Raminus Polus was having a very quiet day, which was just the way he liked it. As a Master-Wizard at the Arcane University, he had reached the point in his career where he could safely do whatever he wanted and not be questioned so long as he claimed it was important. He was currently researching the sociological progression the common populace went through when simultaneously exposed to fear, excitement, boredom, increased knowledge and a sense of knowledge far greater than the actual increase. To people not questioning his research, this was known as “reading the paper.”
Of course the only animation the game has is reading a book, but it’s a newspaper in SPIRIT.
“The courier really won’t stop going on about the business with the emperor” Raminus said as he lazily flicked a page to the side. “Obviously its big news, but they’ve got the same amount of information they had the last three weeks: none at all. Today they ran a column from their fashion editor speculating on what clothes he was wearing when he died, for Arkay’s sake. They’re scare-mongering on this even more than those nonsense Gray Fox rumors. Surely they’re aware it’s not helping to constantly talk about how Septim was brutally murdered? Honestly, the press these days. No sense of responsibility, eh Bothiel?”
Raminus finally looked up from his paper and sighed. He put his copy of the Black Horse Courier down on the bench beside him and repeated, much louder: “Bothiel.”
The middle-aged wood elf woman across from him jerked awake. “Wha?! Er, yes, certainly. I agree with whatever you...” Bothiel paused and yawned.
Raminus shook his head. “Bothiel, even for you this is excessive. How long did you sleep last night?”
Bothiels brow furrowed over her half-lidded eyes in vague concentration. “It wasn’t that long this time, honest. Just a little over seven hours.”
Raminus raised an eyebrow. “Really, that’s it?”
“Yeah. With a midnight snack between the first and second seven, of course.”
Raminus’ eyes rolled skyward. “Well, what I was trying to say was that the state of the courier these days is deplorable.”
“Right, right.” Bothiel gave a limp-wristed conciliatory gesture. She yawned again, stretching her arms and rolling her neck around. “Speaking of news, you hear about the latest recruit down in Leyawin who turned necromancer?”
Raminus grimaced and pinched the bridge of his nose. “Have I heard?! Of course I’ve heard! You may be the only person in the university getting a good night’s rest these days, with the Archmage’s constant shouting. The man’s tense as a violin string dawn til dusk. I almost wish all this necromancy business would come to a head just to calm things down again.”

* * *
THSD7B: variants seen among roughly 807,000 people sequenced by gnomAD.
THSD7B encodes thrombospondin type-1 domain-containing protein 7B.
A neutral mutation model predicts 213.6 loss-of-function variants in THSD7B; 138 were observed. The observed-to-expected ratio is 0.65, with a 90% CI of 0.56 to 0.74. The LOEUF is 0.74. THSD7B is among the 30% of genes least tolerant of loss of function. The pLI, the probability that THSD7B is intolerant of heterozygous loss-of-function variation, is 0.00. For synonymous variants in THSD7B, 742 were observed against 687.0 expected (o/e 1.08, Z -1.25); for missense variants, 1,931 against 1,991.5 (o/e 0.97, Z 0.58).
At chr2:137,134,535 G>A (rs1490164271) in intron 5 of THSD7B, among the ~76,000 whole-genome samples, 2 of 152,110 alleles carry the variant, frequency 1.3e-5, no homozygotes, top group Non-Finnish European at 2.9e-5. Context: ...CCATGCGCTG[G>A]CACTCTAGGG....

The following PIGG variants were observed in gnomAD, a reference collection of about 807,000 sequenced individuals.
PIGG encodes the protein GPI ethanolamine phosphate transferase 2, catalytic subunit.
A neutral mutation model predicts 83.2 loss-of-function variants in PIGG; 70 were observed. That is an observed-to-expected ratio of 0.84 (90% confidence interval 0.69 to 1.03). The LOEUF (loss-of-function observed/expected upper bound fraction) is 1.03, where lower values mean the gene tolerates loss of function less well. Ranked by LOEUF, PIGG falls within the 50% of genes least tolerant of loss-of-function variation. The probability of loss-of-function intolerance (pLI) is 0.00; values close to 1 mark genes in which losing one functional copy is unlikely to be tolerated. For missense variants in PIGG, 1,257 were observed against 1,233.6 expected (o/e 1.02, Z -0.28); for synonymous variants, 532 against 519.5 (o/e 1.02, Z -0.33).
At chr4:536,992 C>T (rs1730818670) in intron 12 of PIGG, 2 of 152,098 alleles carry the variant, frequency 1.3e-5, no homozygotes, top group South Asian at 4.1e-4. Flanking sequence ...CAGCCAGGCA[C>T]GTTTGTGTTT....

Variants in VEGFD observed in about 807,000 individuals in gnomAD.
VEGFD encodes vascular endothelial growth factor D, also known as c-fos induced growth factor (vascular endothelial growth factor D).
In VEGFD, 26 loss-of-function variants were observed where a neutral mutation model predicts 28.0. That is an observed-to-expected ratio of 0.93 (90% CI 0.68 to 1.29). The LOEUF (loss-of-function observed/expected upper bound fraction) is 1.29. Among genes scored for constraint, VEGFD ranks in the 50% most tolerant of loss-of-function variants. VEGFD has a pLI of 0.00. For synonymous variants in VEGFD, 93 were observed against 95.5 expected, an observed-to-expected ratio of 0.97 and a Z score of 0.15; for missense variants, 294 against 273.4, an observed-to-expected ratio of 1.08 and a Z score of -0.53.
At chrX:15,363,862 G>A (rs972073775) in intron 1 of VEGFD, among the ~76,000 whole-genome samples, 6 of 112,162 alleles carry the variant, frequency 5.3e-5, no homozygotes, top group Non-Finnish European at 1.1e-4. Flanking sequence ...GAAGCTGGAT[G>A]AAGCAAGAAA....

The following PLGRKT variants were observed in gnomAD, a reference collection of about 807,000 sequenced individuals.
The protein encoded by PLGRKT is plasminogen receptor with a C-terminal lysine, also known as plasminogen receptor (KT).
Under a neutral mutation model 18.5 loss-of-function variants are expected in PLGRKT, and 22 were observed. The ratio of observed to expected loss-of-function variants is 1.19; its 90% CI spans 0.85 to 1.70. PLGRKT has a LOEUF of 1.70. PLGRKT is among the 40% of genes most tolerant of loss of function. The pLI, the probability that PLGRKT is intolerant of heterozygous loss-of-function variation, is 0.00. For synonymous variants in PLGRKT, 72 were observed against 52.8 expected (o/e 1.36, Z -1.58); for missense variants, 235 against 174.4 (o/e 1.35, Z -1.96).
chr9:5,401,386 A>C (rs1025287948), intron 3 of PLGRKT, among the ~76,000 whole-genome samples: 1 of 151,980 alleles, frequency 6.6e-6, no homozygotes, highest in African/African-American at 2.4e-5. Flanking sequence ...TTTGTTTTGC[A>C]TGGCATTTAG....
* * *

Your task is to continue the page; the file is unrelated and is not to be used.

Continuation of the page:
Bothiel gave a sleepy smile. “Hey, careful what you wish for. With all the incidents lately, there are enough of them to cause some serious trouble somewhere.”
“Ha. Not for long while Traven is around. The way he’s been acting I’m surprised any necromancers in a 500 mile radius don’t spontaneously combust.”
Bothiel nodded, then stood up and stretched her arms above her head. “Well, I think I can fit in a quick nap before dinner.”
“Dinner isn’t for another, what, three hours?”
“Was hoping for four, but I could handle three in a pinch. Try not to let your work overwhelm you.” She winked at him as she turned towards the door.
“I’ll survive somehow” Raminus said as he picked up the newspaper again. “Seems like another dull day around here, honestly.”
Four minutes and seventeen seconds later, Raminus heard a noise at the edge of his hearing, slowly rising in volume as it approached.
“HEEEEEEEEEEEEEEEEEEEEEEEEY MAGE-Y PEOPLE!!!”
The first thing Raminus noticed was that the orc who had slammed open the doors was enormous. The second was the ponderous set of noisy steel armor that enveloped his person. Next was the unnervingly large warhammer peeking out from behind him. Well, it wasn’t so much peeking as staring him dead in the eye, unblinking. Then there was his face: A massive misshapen orange with a garishly purple top-knot, sunken eyes, an under-bite full of sharpened fangs, and a chin like the spearhead of giants.
What Raminus failed to notice until a few seconds later was that he’d dropped his newspaper and jumped back against the wall. The orc waved. Raminus regained his composure and stepped forward, clearing his throat.
“So, uh, what business have you at the Arcane University?”
“Shush are here on account of gettin all de reggie-mundane-tons dat he needed to be a real wizardy person at dis mage school place!”
“Aha, no I’m afraid there must be...some sort...of mis...take...Actually, wait a minute.”
Raminus walked back to his desk and rifled through some papers. He found the folder where he kept recent recommendations and looked through them again. He didn’t approve all of them himself, but he’d heard of some fairly unusual ones lately. After some silent searching, Raminus had found them all. There were recommendations from every single city in Cyrodil, all for a strange-looking orc. Raminus scanned the details in disbelief. They matched this newcomer perfectly.
“Well it all adds up. I’ve got recommendations written for you from all corners of the country. Although there must’ve been some delay in the postal service, this last one only got here hours ago, and they pride themselves on riding the fastest horses. At any rate, welcome! Shush, was it?”